Striking a Responsive Chord:
Mass Media and Right-Wing
Populism in Austria
Fritz Plasser and Peter A. Ulram
Since the 1980s, three developments have thrown shadows over the social and political debate in Western Europe: first, the consolidation of xenophobic resentments and prejudices into a "New Xenophobia" (Baumgartl and Favell 1995; Jaschke 1994); second, the electoral success of radical right-wing populist parties that activate and mobilize latent xenophobic sentiments (Betz 1994; Betz and Immerfall 1998; Falter 1996; Hainsworth 1992; Kitschelt 1995); and third, a populist newsroom logic displayed by various mass media, a logic that contributes to a strengthening of negative prejudices, widespread fears, and emotional reactions against immigrants and ethnic minorities (Brosius and Esser 1995; 1996). The observation that newsroom populism obviously promotes the mobilizing strategies of populist parties (Plasser, Sommer, and Scheucher 1996) does not imply the existence of a voluntary cooperation between right-wing populists and market-driven journalism. Using the analogy from the market place, one can rather state that the former are aiming at an increased share of votes on the electoral market, the latter at an increased audience share or daily reach.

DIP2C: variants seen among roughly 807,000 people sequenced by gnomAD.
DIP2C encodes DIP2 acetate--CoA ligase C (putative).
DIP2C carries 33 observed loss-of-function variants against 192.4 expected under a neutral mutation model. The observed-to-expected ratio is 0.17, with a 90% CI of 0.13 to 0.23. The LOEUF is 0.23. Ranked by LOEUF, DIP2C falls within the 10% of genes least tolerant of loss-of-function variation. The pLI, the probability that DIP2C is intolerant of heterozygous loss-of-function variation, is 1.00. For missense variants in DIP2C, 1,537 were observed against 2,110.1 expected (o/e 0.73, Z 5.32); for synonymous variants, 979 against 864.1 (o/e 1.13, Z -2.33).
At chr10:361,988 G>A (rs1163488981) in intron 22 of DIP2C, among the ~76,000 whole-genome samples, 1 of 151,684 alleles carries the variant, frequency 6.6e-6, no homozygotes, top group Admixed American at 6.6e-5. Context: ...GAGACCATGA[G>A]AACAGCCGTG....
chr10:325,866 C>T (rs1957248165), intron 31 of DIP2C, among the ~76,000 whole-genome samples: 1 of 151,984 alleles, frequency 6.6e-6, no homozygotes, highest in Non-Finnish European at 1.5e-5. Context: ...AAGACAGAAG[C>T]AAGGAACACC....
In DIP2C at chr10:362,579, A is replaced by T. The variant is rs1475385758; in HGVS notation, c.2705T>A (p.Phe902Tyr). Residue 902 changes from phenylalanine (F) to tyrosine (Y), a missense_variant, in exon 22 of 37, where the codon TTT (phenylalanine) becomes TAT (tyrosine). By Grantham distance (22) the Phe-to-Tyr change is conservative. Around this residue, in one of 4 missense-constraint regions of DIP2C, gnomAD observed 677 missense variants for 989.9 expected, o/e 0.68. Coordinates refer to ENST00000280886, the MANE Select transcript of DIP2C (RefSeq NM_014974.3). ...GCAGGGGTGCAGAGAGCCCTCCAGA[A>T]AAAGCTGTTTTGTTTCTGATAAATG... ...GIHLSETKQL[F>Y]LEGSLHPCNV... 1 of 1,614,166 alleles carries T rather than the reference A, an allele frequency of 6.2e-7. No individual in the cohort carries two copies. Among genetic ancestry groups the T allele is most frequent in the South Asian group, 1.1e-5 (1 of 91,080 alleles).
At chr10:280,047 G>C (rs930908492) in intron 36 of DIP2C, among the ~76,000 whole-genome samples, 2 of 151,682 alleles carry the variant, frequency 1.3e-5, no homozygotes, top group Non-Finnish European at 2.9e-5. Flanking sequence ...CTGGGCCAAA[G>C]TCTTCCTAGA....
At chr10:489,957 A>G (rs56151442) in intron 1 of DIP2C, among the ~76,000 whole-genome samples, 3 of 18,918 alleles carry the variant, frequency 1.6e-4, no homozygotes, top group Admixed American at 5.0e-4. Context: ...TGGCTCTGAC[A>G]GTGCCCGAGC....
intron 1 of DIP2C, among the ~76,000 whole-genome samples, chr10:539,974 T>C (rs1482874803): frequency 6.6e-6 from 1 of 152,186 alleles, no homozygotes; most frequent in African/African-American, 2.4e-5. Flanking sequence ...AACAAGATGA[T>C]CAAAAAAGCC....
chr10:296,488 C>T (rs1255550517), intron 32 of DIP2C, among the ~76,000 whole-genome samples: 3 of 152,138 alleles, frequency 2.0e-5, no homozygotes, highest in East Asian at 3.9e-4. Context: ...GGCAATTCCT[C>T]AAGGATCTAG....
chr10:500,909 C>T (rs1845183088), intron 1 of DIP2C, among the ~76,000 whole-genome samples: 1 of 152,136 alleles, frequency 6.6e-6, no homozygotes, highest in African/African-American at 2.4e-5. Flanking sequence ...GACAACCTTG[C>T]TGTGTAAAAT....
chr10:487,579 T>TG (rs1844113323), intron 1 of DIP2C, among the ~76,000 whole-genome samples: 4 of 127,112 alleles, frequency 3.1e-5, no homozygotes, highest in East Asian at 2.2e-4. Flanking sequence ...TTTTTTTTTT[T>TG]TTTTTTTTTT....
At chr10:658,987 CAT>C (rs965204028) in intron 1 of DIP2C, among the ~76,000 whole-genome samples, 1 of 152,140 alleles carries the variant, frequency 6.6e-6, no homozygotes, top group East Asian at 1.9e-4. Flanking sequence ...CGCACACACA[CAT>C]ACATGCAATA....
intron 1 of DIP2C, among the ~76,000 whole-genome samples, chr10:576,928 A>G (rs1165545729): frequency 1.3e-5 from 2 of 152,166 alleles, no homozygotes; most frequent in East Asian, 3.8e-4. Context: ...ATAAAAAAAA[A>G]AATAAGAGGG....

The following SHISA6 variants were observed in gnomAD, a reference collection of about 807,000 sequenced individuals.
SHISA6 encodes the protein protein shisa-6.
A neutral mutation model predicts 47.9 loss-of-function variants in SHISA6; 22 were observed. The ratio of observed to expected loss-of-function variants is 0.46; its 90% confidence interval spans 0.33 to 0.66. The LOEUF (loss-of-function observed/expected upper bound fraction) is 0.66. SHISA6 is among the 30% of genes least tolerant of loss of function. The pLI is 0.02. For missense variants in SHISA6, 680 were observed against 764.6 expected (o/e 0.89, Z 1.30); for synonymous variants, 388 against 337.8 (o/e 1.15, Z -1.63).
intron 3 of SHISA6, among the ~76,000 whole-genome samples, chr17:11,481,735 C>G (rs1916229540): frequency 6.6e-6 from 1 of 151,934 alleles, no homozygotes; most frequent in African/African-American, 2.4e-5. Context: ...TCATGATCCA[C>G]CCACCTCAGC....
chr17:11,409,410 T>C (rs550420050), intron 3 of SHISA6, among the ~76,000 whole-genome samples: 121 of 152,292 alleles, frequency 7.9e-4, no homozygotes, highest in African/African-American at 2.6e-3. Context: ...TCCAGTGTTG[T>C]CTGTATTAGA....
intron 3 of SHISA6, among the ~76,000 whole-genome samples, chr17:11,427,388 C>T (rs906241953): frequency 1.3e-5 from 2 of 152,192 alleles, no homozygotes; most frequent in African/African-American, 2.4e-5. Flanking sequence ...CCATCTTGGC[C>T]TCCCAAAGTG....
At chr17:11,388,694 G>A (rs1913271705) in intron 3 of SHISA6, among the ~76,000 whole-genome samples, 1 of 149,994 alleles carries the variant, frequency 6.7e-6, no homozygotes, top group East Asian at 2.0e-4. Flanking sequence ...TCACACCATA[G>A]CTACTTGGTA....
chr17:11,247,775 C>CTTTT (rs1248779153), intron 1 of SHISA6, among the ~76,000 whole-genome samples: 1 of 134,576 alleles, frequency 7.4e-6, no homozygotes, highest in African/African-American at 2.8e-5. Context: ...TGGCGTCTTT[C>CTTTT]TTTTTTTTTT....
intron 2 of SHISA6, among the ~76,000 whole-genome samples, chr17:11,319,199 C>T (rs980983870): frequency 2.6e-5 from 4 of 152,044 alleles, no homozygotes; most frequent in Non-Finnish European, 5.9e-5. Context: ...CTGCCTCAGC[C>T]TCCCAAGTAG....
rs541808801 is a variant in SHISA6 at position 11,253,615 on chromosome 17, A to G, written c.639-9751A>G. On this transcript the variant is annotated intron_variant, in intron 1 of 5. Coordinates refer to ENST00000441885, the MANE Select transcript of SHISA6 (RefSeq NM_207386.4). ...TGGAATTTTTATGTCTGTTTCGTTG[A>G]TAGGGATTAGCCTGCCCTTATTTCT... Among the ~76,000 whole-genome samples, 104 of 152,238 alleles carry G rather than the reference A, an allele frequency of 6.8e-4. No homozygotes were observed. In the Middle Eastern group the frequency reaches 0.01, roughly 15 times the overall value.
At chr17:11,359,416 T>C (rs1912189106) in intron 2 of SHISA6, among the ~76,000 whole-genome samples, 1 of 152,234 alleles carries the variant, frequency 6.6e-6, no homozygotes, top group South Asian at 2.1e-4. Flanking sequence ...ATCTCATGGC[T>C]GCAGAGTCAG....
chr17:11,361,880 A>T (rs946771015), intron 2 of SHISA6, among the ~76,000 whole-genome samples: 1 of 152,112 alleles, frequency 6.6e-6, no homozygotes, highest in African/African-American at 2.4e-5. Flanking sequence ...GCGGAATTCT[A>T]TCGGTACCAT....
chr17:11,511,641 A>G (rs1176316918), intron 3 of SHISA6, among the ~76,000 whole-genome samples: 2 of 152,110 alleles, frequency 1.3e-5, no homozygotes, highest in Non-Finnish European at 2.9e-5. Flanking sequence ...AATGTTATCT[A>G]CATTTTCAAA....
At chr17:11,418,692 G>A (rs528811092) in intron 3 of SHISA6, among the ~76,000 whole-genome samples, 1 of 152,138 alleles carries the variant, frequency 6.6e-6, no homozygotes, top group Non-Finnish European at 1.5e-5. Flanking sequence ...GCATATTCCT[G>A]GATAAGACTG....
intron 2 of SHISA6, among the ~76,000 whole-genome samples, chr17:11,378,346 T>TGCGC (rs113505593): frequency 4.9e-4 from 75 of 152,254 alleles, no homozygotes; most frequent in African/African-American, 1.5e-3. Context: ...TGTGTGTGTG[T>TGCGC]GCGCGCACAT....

Our contribution focuses upon these complex relations between newsroom populism and market-driven journalism, on the one hand, and the populist issues management of the radical right-wing, populist Austrian Freedom Party (FPÖ), on the other. In the first section we outline the contextual framework of the FPÖ's rise from a small party to a serious challenger to the two traditional parties, the Social Democratic Party of Austria (SPÖ) and the Austrian People's Party (ÖVP). In the second section we relate the news values and populist newsroom logic of two leading daily newspapers (Kronen Zeitung and Täglich Alles with a combined